For years I watched as two separate outdoor cultures emerged in America. One climbs rocks, runs, bikes, paddles, and hikes, while the other hunts and fishes. One shops at REI, while the other shops at Cabela’s.
Brownsville: Nearly to its dodransbicentennial (yes, that’s a real word for a 175th anniversary — impress your friends!), often overlooked Brownsville is getting some loving attention from locals who are working to bring the downtown back to life. Wes Ferguson, Texas Monthly
Consider the persistent myth that border towns are unusually dangerous. In fact, according to annual crime reports compiled by the FBI, Brownsville is one of the safest cities in Texas. Then there’s the perception that Brownsville is hot. Well, this is accurate.
Death Valley Donkeys: The Park Service wants them gone. But the donkeys of Death Valley might be helping native species survive. Asher Elbein, Undark
Museo Nuevo: The Smithsonian museums tell the story of America — so where’s the Latino museum? It could be in the works. Julissa Arce, Time (And a bill to create the museum just had its first congressional hearing: Nicole Acevedo, NBC News)
From the Hobo Files: For hobos, graffiti was a way to stay connected in a notoriously unpredictable world. They also help historians piece together the movements of certain well-known tramps, like Jack London. Susan Phillips, Boom California
Medieval Minnesota: Really, we’re not going to improve on the title of this story: “I Went to the Minnesota Renaissance Festival and All I Got was This Shirt and Self-Confidence.” Molly Priddy, Autostraddle
Asian Restaurant Decoder: Not sure how to pick a good restaurant for different types of Asian cuisine? Never fear — comedian Ali Wong’s got you covered with this handy guide. Ali Wong, Vulture
What We’re Reading
The Secret Token: Myth, Obsession, and the Search for the Lost Colony of Roanoke, by Andrew Lawler. What happened to the Lost Colony of Roanoke? Lawler is hardly the first to venture into the murky mystery of the total disappearance of over 100 colonists that has captivated historians for centuries. Lawler’s book goes considerably deeper than others — perhaps as deep as will ever be possible — blending historical research with modern-day archaeology and travel to layout the case, dead end by dead end. The evidence suggests a quintessentially American solution to the mystery. Order Now Through Your Local Bookstore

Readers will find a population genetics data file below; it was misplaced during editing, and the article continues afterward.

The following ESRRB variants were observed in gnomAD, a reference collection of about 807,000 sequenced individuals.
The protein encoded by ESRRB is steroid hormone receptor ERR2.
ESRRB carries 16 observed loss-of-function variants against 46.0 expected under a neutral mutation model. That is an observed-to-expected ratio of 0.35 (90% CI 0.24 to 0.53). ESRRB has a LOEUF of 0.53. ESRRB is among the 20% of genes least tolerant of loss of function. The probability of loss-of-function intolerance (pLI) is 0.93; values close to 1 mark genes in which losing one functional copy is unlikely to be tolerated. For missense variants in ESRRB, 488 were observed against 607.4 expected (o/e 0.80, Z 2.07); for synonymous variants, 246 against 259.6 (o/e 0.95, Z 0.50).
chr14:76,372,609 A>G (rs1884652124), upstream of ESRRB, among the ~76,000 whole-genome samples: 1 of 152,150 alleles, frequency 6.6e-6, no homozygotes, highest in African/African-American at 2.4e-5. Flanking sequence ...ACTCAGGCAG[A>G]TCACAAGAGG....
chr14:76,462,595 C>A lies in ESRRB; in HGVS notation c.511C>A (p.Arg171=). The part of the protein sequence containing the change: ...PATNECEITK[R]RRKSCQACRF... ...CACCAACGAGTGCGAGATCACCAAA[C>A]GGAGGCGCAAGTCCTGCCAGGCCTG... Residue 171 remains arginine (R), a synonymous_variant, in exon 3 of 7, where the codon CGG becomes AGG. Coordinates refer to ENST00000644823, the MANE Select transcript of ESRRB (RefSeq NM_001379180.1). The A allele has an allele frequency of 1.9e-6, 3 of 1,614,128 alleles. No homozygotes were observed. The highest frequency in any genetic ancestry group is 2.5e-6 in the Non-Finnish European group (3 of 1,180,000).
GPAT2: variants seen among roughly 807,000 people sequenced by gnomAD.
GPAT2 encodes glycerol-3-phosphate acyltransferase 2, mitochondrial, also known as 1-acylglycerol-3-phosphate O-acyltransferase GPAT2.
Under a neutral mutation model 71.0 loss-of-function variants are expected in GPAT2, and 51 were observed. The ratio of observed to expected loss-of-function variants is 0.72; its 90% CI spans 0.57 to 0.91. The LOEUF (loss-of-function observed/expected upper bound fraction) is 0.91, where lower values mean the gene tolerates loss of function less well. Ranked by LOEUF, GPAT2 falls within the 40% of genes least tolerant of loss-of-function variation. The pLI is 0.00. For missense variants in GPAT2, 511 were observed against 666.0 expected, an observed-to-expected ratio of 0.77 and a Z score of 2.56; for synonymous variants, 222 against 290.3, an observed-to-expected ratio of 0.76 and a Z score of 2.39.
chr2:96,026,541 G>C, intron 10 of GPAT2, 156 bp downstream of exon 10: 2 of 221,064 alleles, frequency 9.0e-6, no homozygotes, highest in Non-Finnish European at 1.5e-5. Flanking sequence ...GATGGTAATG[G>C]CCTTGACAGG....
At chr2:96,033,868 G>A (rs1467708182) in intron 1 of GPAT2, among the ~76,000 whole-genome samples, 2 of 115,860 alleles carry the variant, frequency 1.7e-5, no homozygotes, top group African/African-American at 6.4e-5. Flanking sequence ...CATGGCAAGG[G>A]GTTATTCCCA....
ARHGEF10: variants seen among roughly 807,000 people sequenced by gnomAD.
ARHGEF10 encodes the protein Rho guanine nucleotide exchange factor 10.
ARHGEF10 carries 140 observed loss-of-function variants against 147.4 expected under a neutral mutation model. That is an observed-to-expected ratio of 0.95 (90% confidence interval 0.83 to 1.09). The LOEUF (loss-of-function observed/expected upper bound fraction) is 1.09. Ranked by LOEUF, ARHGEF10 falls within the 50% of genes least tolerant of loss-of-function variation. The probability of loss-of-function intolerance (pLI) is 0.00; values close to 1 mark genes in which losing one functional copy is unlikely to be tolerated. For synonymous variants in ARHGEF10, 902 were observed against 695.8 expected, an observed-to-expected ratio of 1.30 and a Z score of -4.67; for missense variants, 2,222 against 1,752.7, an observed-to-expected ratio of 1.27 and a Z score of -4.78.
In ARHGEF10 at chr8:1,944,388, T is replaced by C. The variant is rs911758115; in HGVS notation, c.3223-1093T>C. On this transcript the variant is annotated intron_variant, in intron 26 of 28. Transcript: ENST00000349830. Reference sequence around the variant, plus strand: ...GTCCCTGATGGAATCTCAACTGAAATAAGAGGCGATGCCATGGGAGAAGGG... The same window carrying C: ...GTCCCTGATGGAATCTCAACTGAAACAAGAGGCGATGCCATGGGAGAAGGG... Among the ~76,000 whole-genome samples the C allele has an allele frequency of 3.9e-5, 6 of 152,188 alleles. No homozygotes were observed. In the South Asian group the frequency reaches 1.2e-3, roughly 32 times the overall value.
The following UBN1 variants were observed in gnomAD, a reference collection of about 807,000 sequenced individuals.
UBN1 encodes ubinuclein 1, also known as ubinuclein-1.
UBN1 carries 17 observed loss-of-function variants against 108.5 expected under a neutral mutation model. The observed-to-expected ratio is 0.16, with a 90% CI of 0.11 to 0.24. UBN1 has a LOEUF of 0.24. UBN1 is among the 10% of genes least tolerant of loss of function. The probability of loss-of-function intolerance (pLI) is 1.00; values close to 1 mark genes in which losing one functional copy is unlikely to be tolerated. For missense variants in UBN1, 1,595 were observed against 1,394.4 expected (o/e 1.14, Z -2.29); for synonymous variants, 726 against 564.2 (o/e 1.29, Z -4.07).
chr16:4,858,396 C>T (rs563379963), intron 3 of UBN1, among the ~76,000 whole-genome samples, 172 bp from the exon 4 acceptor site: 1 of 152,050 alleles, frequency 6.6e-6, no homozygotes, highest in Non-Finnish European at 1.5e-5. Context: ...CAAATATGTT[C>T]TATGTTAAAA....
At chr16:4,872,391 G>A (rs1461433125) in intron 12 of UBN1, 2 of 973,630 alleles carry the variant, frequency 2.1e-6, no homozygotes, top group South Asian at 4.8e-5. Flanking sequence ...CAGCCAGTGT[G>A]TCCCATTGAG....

This is a haunting as much as history, a spooky tale reinterpreted by each generation to reflect our current national dreams and anxieties.
In Other News
- National Geographic: For the first time ever, the new issue of National Geographic is all written by women.
- Maine: Every lighthouse, ranked. About time. Downeast Magazine
- Always read the plaque — but don’t expect it to be right. James W. Louwen, The Guardian
- Houston: Okay, it’s not travel, but we thought you should know about this massive sweet potato named Patricia. Daniela Sternitzky-Di Napoli, Click2Houston
- Chicago: Follow this magical Twitter thread to stitch together an embroidered map of the United States. @ShannonDowney
We’ve got more tricks and plenty of treats. Browse our collection of Statesider original stories.